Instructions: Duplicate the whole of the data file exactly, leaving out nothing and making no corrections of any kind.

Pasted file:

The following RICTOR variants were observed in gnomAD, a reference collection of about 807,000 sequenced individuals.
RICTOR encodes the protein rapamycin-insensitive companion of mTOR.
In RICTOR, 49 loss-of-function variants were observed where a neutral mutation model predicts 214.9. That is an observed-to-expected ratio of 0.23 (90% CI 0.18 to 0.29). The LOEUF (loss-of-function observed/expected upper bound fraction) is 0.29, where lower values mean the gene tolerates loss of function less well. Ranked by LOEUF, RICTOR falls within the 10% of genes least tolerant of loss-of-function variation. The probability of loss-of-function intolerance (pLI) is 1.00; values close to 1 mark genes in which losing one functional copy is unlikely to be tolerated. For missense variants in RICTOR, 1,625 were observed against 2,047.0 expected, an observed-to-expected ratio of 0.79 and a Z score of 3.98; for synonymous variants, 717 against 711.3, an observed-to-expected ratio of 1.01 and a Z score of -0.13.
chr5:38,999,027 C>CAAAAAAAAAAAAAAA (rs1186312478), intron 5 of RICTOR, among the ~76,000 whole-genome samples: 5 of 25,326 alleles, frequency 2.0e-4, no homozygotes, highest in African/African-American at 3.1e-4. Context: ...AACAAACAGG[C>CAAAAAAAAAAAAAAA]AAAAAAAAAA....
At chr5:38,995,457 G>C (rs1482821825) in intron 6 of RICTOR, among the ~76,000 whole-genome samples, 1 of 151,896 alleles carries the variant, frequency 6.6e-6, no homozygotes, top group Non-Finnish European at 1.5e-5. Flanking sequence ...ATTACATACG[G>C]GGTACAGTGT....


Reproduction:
The following RICTOR variants were observed in gnomAD, a reference collection of about 807,000 sequenced individuals.
RICTOR encodes the protein rapamycin-insensitive companion of mTOR.
In RICTOR, 49 loss-of-function variants were observed where a neutral mutation model predicts 214.9. That is an observed-to-expected ratio of 0.23 (90% CI 0.18 to 0.29). The LOEUF (loss-of-function observed/expected upper bound fraction) is 0.29, where lower values mean the gene tolerates loss of function less well. Ranked by LOEUF, RICTOR falls within the 10% of genes least tolerant of loss-of-function variation. The probability of loss-of-function intolerance (pLI) is 1.00; values close to 1 mark genes in which losing one functional copy is unlikely to be tolerated. For missense variants in RICTOR, 1,625 were observed against 2,047.0 expected, an observed-to-expected ratio of 0.79 and a Z score of 3.98; for synonymous variants, 717 against 711.3, an observed-to-expected ratio of 1.01 and a Z score of -0.13.
chr5:38,999,027 C>CAAAAAAAAAAAAAAA (rs1186312478), intron 5 of RICTOR, among the ~76,000 whole-genome samples: 5 of 25,326 alleles, frequency 2.0e-4, no homozygotes, highest in African/African-American at 3.1e-4. Context: ...AACAAACAGG[C>CAAAAAAAAAAAAAAA]AAAAAAAAAA....
At chr5:38,995,457 G>C (rs1482821825) in intron 6 of RICTOR, among the ~76,000 whole-genome samples, 1 of 151,896 alleles carries the variant, frequency 6.6e-6, no homozygotes, top group Non-Finnish European at 1.5e-5. Flanking sequence ...ATTACATACG[G>C]GGTACAGTGT....